Learn, reflect and be you

Our equality, diversity and inclusion virtual roadshow took place 4 – 8 April.

You can catch up with the recordings from our live sessions and also explore a range of information and resources below.

Watch the session recordings from our virtual roadshow week

Mymuma Soleman

Privilege Café

Abdi Segulle and Moawia Bin-Sufyan

Improving Board diversity in Wales

Katie Cornhill

Gender identity and inclusion awareness

Andrew Tamplin

Mental health inclusion in the workplace

Alecs Donovan

Gender equality in sport

              About our speakers

Mymuna Soleman

Mymuna Soleman

Privilege Café

Mymuna will be sharing with us why she set up the Privilege Café, how it’s developed and the impact it’s had.  She will also discuss white privilege, what is means, how it impacts on everyone’s lives and what we can do about it.

More about Mymuna

Mymuna is Somali-Welsh graduate from Cardiff Metropolitan University completing both her degrees, a BSc in Health and Social Care and an MSc in Applied Public Health in 2014 and 2016. Mymuna is an activist, a poet and community champion for all issues relating to equality, diversity, race and white privilege and how people can use their privilege for good.

More recently Mymuna founded the Privilege cafe, an important and timely virtual space where marginalised voices are welcomed, included, respected, and listened to.

Abdi Segulle and Moawia Bin-Sufyan

Abdi Segulle and Moawia Bin-Sufyan

Improving Board diversity in Wales

Abdi will be talking about the Pathways to Board programme which has been recently launched by a group of housing associations, including Hafod.

Hafod Board member, Moawia, will be sharing the benefit of his experience in a variety of roles in private, public and voluntary sector organisations from Director to Trustee.

More about Abdi

Abdi is Programme Manager for the Pathway to Board Project and has a background in Housing, and has worked in social housing for over 19 years. He is currently a board member at Community Housing Cymru (CHC) and ITV Wales Diversity and Inclusion Panel. Abdi has also managed Red Sea House for over 17 years and has experience in community engagement and supported housing.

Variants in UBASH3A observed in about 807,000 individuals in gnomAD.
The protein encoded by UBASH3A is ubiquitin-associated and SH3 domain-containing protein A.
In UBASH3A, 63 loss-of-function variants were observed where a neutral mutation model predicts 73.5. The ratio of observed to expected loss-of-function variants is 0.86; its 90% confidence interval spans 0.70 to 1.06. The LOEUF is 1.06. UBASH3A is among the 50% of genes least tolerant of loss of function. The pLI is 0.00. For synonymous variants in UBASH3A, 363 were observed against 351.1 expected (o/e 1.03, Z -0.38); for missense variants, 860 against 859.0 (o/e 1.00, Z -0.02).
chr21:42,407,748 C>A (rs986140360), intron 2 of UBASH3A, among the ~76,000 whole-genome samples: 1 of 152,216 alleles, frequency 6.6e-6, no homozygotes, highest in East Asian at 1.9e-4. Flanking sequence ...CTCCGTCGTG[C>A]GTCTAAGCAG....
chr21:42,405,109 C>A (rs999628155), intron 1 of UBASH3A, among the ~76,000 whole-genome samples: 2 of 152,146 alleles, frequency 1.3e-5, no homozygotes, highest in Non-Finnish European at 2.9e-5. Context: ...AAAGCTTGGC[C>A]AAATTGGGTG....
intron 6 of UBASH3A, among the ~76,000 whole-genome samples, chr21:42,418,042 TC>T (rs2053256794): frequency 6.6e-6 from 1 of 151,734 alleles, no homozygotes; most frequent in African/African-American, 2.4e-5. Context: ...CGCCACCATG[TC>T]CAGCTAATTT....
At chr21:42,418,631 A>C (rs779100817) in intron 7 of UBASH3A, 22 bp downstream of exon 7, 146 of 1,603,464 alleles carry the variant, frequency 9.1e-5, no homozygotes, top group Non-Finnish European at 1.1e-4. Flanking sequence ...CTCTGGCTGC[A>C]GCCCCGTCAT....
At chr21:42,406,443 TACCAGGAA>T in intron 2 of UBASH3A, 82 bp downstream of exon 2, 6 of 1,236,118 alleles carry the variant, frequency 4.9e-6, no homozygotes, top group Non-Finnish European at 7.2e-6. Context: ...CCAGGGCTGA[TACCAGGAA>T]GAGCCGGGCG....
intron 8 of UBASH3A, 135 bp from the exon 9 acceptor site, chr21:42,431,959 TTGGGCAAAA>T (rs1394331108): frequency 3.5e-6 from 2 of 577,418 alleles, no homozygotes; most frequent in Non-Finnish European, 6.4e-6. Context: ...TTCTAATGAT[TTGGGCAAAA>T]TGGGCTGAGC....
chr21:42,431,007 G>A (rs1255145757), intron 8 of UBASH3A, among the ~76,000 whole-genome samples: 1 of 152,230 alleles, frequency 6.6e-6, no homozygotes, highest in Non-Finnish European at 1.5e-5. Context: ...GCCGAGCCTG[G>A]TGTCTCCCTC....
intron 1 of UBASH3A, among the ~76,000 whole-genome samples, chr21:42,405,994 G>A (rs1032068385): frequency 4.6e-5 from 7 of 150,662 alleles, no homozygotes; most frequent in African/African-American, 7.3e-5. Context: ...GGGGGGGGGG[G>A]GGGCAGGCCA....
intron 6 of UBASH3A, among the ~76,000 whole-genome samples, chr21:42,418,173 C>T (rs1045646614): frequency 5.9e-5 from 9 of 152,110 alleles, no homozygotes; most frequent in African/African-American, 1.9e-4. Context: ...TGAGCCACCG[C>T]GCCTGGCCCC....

He is a member of the Somali community Group and a founding member of Somali Youth Association (SoYA).

More about Moawia

Moawia recently joined our Hafod Board and has a wealth of senior experience in housing, investments, social care, criminal justice and education spanning nearly 20 years. Currently, he is an Investments Director and is also a Regional Co-ordinator (Wales) for Care after Combat.

Moawia also holds a number of non-executive director and public appointment roles including Senior Independent Panel Member for Welsh Government and Council member for the Community Health Council South Glamorgan.

Katie Cornhill

Katie Cornhill

Gender identity and inclusion awareness

Katie, an inspiring role model and non-cisgender fire fighter who previously served as a Royal Marine, will be talking to us about non-cisgender identities including but not limited to those that identify as transgender.

More about Katie

Katie is an inspiring role model and female fire fighter who has a non-cisgender history. She previously served as a Royal Marine and champions all non-cisgender and non-heterosexual identities. Katie has been nominated for service women of the year awards and has on several occasions spoken publicly both on local and national television about her passions in relation to inclusion.

Andrew Tamplin

Andrew Tamplin

Mental health inclusion in the workplace

Andrew will be talking about workplace well-being, tackling stigma and normalising conversations about mental health in order to create well, engaged workplaces. Andrew will share his own personal experiences to bring the subject to life.

More about Andrew

Andrew Tamplin created Canna Consulting following his own mental health challenges. Canna Consulting is all about workplace well-being; tackling stigma, normalising conversations and creating well, engaged workplaces.

Alecs Donovan

Alecs Donovan

Gender equality in sport

Yoga entrepreneur and former Welsh international female rugby player, Alecs will be sharing her journey to becoming an international player, the challenges she faced along the way and how the pressure of being a woman in a male-dominated sport affects mental health and personal resilience.

More about Alecs